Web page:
Gwen Stefani: "What You Waiting For"
"What an amazing time. What a family. How did the years go by? Now it's only me." Gwen rattles off four
trite Streisandisms over a delicate grand piano, and a theater full of fortysomethings goes hobbit-shit.
The Girl From That Song She Used To Do is an adult now, just like them-- and she's singing about being
an adult! Enthusiastic (yet tasteful) applause washes over the auditorium, and after a two-second
dramatic pause, you can practically hear her say, "Fuck this shit. Fuck all you assholes."
Cue costume change. Cue just-a-dream wakeup call. Cue explosions. Presenting Gwen Stefani's brand-new
solo single, "What You Waiting For": tick-tock-tick-tocks, la-la-la's, high-gloss Miss Kittin electro fuzz,
chick-vox deep and wide in the mix, and the best part, Gwen's new ultra-polished disco-meets-opera vitriol.
I mean listen to her: "Like an echo pedal you're repeating yourself"; "Y'know you're only known cuz of your
sex chromosome"; "Born to blossom, bloom to perish"; "Take a chance, you stupid ho." Is Gwen knocking herself,
other mega-pop divas, the industry, all three, and maybe something else too? If "What You Waiting For" is
strictly self-involved (it isn't), then please, Gwen has nothing to complain about here-- this track's fucking
great. [Nick Sylvester; November 8th, 2004]
Sage Francis [ft. Will Oldham]: "Sea Lion"
Heartbreaking, mournful rap should replace that cross-eyed, corporate-co-opted crunk. There ought to be
clubs where people just weep on each other, and if you want to freak out, you could go into a panic room.
Sage and Bonnie have concocted a hip-hop track that sounds like an outtake from a post-Kid A version
of Bob Dylan's Desire. Francis fans in need of a reference point should consult Sixtoo's epically
hesitant production on Personal Journals. Oldham fans should imagine if the two Tweaker collaborations
Prince Billy sounds so stoned that Nancy Reagan's grave must be roiling; he lilts and moans like he did on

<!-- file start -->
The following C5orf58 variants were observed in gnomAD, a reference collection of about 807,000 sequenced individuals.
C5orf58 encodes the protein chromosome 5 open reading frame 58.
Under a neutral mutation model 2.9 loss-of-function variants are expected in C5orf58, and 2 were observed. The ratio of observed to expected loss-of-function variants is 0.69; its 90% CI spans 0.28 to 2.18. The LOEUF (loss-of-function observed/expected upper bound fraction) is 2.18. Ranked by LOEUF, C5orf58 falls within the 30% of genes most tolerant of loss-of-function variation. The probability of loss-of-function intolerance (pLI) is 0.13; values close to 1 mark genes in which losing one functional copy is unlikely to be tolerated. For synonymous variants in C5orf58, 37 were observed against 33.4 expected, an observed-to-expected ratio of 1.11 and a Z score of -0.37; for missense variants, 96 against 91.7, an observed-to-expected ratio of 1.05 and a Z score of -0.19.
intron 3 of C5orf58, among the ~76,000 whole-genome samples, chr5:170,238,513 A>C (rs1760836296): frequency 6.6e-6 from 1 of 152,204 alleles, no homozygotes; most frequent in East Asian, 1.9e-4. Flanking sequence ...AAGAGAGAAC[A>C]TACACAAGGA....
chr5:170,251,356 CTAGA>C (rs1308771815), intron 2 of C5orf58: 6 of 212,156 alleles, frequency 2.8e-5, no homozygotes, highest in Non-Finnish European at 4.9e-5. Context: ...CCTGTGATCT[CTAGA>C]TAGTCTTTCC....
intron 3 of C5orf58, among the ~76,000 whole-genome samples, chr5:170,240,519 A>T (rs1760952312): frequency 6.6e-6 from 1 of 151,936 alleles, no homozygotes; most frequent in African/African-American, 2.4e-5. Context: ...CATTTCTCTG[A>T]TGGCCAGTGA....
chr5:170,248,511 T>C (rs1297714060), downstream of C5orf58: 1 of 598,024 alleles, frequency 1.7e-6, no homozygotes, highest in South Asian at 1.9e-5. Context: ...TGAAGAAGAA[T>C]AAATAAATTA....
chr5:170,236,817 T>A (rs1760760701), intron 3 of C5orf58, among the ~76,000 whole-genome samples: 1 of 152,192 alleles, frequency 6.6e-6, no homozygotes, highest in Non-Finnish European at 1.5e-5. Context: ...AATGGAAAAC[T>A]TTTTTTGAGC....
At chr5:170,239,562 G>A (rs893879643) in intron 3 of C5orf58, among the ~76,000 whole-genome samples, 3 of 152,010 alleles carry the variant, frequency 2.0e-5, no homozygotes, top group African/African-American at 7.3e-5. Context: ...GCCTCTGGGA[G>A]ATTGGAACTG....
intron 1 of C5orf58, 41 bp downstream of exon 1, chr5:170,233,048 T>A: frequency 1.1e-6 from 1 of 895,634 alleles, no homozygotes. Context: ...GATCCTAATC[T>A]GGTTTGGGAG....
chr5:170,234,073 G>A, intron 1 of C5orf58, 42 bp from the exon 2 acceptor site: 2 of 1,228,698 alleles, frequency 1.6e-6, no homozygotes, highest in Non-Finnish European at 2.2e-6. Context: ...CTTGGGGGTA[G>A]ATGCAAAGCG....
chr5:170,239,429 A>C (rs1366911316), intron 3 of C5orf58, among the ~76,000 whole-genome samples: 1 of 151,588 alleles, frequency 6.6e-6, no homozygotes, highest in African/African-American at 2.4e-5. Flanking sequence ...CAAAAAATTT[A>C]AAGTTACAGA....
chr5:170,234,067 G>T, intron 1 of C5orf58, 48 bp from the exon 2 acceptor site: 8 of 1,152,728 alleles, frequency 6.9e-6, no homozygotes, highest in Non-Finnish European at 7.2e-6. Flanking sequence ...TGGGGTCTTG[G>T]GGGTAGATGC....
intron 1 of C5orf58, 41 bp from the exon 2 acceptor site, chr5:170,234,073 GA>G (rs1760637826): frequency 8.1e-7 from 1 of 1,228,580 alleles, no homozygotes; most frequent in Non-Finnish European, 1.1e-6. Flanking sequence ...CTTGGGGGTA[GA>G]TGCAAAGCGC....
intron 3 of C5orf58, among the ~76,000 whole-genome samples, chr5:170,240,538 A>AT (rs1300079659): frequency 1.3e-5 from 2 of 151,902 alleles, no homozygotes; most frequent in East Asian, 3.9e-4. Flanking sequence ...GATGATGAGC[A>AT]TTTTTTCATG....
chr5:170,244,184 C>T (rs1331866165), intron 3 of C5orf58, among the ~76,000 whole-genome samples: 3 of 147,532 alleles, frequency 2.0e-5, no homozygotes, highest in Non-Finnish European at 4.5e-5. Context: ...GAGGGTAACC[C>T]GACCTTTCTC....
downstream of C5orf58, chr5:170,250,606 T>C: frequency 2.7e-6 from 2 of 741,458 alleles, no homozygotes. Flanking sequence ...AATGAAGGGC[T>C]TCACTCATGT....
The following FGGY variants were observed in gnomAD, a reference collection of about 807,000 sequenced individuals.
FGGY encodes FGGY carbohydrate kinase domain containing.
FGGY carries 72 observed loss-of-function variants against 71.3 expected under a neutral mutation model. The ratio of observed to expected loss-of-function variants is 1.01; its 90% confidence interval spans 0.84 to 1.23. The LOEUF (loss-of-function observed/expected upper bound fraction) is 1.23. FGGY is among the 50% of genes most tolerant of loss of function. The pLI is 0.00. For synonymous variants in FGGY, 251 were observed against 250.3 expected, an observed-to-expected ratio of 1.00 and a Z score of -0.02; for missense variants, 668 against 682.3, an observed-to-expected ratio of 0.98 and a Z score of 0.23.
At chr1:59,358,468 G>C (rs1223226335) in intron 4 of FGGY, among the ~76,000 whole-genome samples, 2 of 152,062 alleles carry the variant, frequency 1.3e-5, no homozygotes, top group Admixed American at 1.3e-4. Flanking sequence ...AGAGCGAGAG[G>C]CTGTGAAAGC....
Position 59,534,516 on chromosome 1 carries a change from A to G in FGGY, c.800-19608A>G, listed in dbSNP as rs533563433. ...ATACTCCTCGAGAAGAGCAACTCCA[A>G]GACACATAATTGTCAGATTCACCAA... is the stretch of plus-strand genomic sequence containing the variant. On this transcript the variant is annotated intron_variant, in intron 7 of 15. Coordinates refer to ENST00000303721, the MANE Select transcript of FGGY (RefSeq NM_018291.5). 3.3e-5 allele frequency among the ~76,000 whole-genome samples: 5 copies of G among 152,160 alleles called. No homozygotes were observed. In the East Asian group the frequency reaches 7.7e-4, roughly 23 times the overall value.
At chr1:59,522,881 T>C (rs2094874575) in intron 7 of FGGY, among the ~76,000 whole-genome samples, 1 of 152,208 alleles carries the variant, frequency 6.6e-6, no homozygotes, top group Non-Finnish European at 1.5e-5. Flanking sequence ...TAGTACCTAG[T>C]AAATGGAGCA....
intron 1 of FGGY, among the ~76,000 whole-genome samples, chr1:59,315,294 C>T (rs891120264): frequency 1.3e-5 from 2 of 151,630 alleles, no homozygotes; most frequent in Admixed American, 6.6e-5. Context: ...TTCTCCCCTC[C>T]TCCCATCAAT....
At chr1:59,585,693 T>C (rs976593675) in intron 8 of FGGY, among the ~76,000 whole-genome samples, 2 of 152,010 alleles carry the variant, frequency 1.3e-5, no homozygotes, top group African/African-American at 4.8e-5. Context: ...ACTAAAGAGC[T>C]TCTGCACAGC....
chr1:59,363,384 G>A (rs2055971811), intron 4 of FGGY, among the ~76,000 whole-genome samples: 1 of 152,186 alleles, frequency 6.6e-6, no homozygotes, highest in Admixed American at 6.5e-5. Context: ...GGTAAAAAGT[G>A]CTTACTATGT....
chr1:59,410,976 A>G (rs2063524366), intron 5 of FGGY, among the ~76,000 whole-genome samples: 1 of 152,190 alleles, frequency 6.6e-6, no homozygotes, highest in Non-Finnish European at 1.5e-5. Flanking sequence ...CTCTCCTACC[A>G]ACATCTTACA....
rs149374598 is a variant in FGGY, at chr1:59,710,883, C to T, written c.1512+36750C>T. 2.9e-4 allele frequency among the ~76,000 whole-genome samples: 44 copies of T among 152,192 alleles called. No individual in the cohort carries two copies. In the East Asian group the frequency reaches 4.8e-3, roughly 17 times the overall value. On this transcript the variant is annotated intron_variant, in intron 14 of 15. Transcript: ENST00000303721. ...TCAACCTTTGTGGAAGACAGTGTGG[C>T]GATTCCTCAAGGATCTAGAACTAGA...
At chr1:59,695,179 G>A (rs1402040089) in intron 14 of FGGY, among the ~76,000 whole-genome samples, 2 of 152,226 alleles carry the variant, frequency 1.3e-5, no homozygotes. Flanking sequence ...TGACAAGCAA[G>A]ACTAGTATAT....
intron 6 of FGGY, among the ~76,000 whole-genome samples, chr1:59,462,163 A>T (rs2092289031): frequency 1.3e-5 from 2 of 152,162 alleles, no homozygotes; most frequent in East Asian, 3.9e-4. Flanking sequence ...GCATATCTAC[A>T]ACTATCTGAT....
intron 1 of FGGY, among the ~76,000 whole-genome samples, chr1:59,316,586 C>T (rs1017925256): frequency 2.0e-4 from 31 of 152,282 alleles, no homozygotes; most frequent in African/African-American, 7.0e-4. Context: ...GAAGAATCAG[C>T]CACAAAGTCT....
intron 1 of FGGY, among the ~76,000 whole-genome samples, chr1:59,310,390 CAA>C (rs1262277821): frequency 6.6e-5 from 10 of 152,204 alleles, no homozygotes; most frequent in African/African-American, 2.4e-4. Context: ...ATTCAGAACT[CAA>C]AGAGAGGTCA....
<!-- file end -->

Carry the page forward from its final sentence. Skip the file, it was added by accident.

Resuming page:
Joya, and for once, my rockist tendencies submit to his perverse/prankish genre pluralism. Francis
intones as if his lyrics are the most profound diary entries ever composed, yet he doesn't seem overbearing,
though his panting comes off a tad "acted" by now. How is this a dance song about worrying about what (the
idea of) Mom thinks about one's adulthood? Is Oldham's chorus claiming that performance of music is inherently
psychedelic/psychological? I hereby predict that people will make sad babies to this one, as it will inspire
sad Crooked-Fingers-caliber sex. [William Bowers; November 8th, 2004]
Jimmy Eat World: "Pain"
Okay, wait. Jimmy Eat world have released a new song and called it... "Pain"? This is actually great.
I hope this monosyllabic truth-in-advertising extends to singles from other artists. Look out for the
Rolling Stones' "Old", Linkin Park's "Angst", R.E.M.'s "Dull", and "Dead" from Nirvana's upcoming box set.
Under-thought title aside, this track is at best holding status quo for the band. It's simply a minor-key
inversion of the same simple but lovable power-chord hooks and incidental electronics that made "The Middle"
an unfortunate smash, but with a less persistent chorus. I'll grant them that they've kept their sound and
their place on the radio dial intact, which is nothing to sneeze at, but on the other hand-- well, just
replace the word "pain" from the frathouse shouting that precedes each chorus with, say, "thirst," and
you've got yourself a damn fine beverage commercial. [Jason Crock; November 8th, 2004]